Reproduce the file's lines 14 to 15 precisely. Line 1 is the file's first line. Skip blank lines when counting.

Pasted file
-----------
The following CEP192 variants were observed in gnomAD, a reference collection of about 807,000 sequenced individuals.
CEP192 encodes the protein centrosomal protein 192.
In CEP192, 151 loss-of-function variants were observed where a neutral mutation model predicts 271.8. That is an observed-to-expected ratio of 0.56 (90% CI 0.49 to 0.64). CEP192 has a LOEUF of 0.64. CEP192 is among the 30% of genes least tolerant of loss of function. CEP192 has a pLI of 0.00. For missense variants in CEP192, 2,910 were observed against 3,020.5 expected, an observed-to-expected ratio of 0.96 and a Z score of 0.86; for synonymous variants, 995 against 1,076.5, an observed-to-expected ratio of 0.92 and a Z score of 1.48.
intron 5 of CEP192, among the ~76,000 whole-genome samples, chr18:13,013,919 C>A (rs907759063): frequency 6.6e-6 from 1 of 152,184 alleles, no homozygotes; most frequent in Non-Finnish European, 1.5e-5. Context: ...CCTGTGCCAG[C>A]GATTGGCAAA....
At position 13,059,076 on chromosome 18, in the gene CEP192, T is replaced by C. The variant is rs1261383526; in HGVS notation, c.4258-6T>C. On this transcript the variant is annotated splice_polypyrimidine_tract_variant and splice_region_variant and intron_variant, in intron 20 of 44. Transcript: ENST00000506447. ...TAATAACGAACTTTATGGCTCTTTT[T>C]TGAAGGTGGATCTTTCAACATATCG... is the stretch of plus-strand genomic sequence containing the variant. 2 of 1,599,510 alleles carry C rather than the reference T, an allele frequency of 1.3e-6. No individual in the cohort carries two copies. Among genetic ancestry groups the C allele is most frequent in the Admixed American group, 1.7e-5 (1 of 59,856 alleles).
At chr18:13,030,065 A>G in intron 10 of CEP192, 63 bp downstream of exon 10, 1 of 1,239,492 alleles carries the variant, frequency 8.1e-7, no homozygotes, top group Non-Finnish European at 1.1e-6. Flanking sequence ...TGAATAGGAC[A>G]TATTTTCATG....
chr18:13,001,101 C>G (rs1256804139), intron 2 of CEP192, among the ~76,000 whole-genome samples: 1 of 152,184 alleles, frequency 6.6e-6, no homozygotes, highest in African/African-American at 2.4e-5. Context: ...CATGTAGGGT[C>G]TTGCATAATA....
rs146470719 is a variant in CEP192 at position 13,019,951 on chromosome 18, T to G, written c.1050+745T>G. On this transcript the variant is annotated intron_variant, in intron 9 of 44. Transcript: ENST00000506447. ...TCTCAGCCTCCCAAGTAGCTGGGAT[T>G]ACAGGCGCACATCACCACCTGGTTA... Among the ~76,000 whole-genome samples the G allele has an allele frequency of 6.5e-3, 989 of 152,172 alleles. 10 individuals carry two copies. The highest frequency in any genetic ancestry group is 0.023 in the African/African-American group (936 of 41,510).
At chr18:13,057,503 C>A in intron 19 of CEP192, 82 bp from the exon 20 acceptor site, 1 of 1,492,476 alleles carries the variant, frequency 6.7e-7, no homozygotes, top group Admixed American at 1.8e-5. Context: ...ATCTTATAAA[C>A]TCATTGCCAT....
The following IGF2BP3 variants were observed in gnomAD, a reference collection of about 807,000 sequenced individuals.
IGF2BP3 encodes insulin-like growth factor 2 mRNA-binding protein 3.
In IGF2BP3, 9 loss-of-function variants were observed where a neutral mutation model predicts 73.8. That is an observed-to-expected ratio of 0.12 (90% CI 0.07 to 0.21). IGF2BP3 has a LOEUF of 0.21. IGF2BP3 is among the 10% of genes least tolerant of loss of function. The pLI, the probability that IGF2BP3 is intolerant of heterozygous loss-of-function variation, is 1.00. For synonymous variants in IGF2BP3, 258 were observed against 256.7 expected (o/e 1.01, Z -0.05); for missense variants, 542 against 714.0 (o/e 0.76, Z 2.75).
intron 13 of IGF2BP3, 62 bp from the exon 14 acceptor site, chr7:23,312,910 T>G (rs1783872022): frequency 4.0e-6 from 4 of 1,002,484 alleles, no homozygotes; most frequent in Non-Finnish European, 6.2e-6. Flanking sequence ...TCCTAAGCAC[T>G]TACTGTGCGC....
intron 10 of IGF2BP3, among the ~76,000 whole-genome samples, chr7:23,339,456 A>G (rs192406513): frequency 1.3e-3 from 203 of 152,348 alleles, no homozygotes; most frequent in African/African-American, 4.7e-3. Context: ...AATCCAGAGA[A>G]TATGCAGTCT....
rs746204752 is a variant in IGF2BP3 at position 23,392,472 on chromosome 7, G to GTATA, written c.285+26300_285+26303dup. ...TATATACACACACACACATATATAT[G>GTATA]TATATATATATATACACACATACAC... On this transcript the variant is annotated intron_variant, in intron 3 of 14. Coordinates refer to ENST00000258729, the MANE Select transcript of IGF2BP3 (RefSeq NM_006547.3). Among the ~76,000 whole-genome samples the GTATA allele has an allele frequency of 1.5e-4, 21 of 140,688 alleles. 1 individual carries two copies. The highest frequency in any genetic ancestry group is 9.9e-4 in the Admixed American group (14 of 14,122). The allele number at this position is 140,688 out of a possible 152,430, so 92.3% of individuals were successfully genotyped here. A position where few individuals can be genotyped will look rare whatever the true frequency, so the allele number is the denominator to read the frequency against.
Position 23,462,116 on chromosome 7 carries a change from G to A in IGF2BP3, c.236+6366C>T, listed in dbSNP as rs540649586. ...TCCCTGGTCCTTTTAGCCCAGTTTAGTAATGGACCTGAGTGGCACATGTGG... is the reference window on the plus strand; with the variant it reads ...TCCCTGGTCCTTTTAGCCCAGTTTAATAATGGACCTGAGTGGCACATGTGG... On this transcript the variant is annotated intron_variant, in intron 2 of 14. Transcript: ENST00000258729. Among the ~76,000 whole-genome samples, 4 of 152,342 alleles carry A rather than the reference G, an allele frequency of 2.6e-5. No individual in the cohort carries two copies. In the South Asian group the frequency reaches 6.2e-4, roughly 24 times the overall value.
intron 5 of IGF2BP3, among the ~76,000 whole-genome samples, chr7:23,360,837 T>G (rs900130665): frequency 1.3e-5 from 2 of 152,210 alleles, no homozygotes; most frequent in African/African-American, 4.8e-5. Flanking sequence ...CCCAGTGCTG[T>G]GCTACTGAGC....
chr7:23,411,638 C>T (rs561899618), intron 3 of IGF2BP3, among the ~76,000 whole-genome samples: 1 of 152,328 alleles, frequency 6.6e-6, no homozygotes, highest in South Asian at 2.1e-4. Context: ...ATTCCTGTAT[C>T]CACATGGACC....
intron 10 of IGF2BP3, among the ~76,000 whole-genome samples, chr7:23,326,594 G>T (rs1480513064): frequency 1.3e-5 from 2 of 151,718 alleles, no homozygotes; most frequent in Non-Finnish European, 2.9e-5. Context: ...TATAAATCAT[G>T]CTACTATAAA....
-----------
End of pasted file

intron 10 of IGF2BP3, among the ~76,000 whole-genome samples, chr7:23,339,456 A>G (rs192406513): frequency 1.3e-3 from 203 of 152,348 alleles, no homozygotes; most frequent in African/African-American, 4.7e-3. Context: ...AATCCAGAGA[A>G]TATGCAGTCT....
rs746204752 is a variant in IGF2BP3 at position 23,392,472 on chromosome 7, G to GTATA, written c.285+26300_285+26303dup. ...TATATACACACACACACATATATAT[G>GTATA]TATATATATATATACACACATACAC... On this transcript the variant is annotated intron_variant, in intron 3 of 14. Coordinates refer to ENST00000258729, the MANE Select transcript of IGF2BP3 (RefSeq NM_006547.3). Among the ~76,000 whole-genome samples the GTATA allele has an allele frequency of 1.5e-4, 21 of 140,688 alleles. 1 individual carries two copies. The highest frequency in any genetic ancestry group is 9.9e-4 in the Admixed American group (14 of 14,122). The allele number at this position is 140,688 out of a possible 152,430, so 92.3% of individuals were successfully genotyped here. A position where few individuals can be genotyped will look rare whatever the true frequency, so the allele number is the denominator to read the frequency against.